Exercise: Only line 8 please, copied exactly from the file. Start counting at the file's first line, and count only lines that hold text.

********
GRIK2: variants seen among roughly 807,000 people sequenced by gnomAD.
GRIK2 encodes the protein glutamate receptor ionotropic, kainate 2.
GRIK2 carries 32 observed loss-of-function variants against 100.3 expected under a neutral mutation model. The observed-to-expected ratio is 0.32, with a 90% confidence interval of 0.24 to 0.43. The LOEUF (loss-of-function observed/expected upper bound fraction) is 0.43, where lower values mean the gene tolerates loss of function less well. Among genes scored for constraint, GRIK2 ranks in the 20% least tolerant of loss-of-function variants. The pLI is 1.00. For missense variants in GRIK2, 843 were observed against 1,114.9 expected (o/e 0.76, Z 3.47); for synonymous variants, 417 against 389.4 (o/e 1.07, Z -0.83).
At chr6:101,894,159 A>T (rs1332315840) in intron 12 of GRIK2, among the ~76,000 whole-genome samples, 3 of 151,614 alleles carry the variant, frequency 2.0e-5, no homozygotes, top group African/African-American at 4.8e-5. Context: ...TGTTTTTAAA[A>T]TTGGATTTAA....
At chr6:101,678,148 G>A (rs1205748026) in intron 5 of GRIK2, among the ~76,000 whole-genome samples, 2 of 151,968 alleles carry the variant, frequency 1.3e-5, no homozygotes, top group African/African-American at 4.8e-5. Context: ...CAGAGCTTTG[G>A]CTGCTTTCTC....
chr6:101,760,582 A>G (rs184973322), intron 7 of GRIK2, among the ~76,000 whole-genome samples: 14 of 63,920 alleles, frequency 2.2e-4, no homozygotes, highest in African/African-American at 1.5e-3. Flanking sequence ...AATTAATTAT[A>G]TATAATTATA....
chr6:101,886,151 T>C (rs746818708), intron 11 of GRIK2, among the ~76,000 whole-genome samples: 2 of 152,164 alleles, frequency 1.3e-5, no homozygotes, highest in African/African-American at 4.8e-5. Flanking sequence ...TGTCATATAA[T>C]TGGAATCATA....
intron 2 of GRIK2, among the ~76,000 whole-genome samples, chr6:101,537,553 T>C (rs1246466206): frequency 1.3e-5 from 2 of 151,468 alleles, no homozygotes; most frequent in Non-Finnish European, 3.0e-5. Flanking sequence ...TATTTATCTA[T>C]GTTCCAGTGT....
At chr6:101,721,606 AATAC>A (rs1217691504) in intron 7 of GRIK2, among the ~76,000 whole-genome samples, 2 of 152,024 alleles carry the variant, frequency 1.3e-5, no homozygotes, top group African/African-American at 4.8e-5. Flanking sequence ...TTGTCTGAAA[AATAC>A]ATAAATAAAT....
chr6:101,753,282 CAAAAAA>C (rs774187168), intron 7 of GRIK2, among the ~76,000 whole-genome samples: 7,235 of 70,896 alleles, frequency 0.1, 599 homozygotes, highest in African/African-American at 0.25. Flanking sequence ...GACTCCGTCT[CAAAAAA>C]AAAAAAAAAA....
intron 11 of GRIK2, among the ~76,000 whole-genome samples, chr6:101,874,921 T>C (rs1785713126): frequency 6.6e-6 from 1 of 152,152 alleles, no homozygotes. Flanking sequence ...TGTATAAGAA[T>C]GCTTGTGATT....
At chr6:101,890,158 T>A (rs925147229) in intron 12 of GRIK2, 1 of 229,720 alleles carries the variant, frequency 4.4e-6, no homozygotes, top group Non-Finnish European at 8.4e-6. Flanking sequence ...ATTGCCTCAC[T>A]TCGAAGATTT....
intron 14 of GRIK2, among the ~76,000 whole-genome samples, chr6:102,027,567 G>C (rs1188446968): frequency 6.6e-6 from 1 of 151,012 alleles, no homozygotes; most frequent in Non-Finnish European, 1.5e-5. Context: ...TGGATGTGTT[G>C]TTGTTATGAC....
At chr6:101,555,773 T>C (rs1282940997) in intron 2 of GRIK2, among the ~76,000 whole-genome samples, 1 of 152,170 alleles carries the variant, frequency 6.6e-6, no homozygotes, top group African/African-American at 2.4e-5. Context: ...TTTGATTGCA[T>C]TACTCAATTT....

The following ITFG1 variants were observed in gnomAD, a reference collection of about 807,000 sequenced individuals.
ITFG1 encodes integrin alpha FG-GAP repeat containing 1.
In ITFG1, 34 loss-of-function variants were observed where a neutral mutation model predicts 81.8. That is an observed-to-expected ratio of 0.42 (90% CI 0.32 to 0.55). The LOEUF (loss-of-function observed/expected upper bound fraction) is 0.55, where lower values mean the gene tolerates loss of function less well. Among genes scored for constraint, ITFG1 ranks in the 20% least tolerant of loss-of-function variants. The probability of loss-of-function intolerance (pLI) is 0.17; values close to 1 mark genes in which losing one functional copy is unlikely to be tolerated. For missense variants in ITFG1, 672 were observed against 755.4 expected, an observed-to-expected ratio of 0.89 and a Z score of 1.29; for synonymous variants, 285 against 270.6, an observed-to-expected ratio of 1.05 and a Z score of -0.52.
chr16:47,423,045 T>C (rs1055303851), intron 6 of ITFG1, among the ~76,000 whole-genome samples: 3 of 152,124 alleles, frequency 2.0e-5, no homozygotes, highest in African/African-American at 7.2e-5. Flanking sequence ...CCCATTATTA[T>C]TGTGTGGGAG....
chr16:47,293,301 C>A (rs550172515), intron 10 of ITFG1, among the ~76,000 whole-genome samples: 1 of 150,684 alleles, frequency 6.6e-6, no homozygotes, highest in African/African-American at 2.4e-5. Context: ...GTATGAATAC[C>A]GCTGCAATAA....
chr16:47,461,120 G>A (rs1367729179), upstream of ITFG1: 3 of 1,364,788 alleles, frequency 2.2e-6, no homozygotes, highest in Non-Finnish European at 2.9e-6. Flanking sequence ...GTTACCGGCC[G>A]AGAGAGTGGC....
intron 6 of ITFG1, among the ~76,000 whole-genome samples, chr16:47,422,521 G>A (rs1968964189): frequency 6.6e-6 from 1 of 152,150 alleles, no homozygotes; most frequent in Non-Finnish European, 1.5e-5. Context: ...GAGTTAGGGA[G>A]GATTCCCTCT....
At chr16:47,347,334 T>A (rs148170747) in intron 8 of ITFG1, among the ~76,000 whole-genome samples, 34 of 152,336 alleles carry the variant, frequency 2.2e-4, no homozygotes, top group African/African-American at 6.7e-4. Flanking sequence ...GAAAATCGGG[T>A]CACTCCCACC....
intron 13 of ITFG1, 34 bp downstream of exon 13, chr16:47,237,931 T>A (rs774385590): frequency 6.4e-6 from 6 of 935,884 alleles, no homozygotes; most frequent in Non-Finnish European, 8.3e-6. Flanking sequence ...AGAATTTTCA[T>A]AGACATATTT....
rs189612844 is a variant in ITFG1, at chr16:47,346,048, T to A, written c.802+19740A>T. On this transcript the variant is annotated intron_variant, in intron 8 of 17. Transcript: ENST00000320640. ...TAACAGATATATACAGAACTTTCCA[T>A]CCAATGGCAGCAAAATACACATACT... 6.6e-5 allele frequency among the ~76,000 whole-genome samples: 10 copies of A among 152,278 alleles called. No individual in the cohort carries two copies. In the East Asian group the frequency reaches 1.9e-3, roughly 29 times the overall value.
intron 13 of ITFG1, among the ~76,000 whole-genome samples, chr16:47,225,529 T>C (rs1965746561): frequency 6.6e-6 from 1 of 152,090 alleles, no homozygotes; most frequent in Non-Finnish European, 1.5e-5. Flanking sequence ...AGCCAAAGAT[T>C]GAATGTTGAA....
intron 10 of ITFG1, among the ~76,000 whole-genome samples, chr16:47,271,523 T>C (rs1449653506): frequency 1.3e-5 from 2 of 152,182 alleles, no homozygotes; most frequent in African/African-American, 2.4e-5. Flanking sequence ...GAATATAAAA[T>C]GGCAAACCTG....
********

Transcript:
intron 2 of GRIK2, among the ~76,000 whole-genome samples, chr6:101,537,553 T>C (rs1246466206): frequency 1.3e-5 from 2 of 151,468 alleles, no homozygotes; most frequent in Non-Finnish European, 3.0e-5. Flanking sequence ...TATTTATCTA[T>C]GTTCCAGTGT....